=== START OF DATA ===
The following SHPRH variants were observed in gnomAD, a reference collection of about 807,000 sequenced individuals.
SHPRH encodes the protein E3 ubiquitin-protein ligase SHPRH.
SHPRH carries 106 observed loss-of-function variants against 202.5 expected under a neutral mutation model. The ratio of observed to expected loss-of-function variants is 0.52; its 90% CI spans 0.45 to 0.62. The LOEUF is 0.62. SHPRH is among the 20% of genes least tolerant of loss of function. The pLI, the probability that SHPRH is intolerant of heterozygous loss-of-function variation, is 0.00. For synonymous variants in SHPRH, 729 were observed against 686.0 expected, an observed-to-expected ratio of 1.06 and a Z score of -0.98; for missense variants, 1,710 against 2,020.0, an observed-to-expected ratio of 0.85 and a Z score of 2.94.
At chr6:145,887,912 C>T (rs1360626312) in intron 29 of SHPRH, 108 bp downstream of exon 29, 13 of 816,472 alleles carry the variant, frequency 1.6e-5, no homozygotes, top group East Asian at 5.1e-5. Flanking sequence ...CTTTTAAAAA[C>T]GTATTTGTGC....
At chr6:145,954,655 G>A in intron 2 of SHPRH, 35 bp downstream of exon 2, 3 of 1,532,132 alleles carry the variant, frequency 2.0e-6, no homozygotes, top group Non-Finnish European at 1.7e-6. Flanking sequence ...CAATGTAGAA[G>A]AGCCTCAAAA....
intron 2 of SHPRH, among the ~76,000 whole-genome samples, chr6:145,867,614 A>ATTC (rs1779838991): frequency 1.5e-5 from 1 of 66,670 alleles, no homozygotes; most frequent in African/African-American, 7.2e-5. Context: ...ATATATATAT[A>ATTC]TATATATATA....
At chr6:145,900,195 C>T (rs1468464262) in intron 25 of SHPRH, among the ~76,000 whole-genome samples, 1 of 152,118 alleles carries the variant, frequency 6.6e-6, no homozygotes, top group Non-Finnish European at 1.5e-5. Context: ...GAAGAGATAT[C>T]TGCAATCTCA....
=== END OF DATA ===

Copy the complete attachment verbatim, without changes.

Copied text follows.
The following SHPRH variants were observed in gnomAD, a reference collection of about 807,000 sequenced individuals.
SHPRH encodes the protein E3 ubiquitin-protein ligase SHPRH.
SHPRH carries 106 observed loss-of-function variants against 202.5 expected under a neutral mutation model. The ratio of observed to expected loss-of-function variants is 0.52; its 90% CI spans 0.45 to 0.62. The LOEUF is 0.62. SHPRH is among the 20% of genes least tolerant of loss of function. The pLI, the probability that SHPRH is intolerant of heterozygous loss-of-function variation, is 0.00. For synonymous variants in SHPRH, 729 were observed against 686.0 expected, an observed-to-expected ratio of 1.06 and a Z score of -0.98; for missense variants, 1,710 against 2,020.0, an observed-to-expected ratio of 0.85 and a Z score of 2.94.
At chr6:145,887,912 C>T (rs1360626312) in intron 29 of SHPRH, 108 bp downstream of exon 29, 13 of 816,472 alleles carry the variant, frequency 1.6e-5, no homozygotes, top group East Asian at 5.1e-5. Flanking sequence ...CTTTTAAAAA[C>T]GTATTTGTGC....
At chr6:145,954,655 G>A in intron 2 of SHPRH, 35 bp downstream of exon 2, 3 of 1,532,132 alleles carry the variant, frequency 2.0e-6, no homozygotes, top group Non-Finnish European at 1.7e-6. Flanking sequence ...CAATGTAGAA[G>A]AGCCTCAAAA....
intron 2 of SHPRH, among the ~76,000 whole-genome samples, chr6:145,867,614 A>ATTC (rs1779838991): frequency 1.5e-5 from 1 of 66,670 alleles, no homozygotes; most frequent in African/African-American, 7.2e-5. Context: ...ATATATATAT[A>ATTC]TATATATATA....
At chr6:145,900,195 C>T (rs1468464262) in intron 25 of SHPRH, among the ~76,000 whole-genome samples, 1 of 152,118 alleles carries the variant, frequency 6.6e-6, no homozygotes, top group Non-Finnish European at 1.5e-5. Context: ...GAAGAGATAT[C>T]TGCAATCTCA....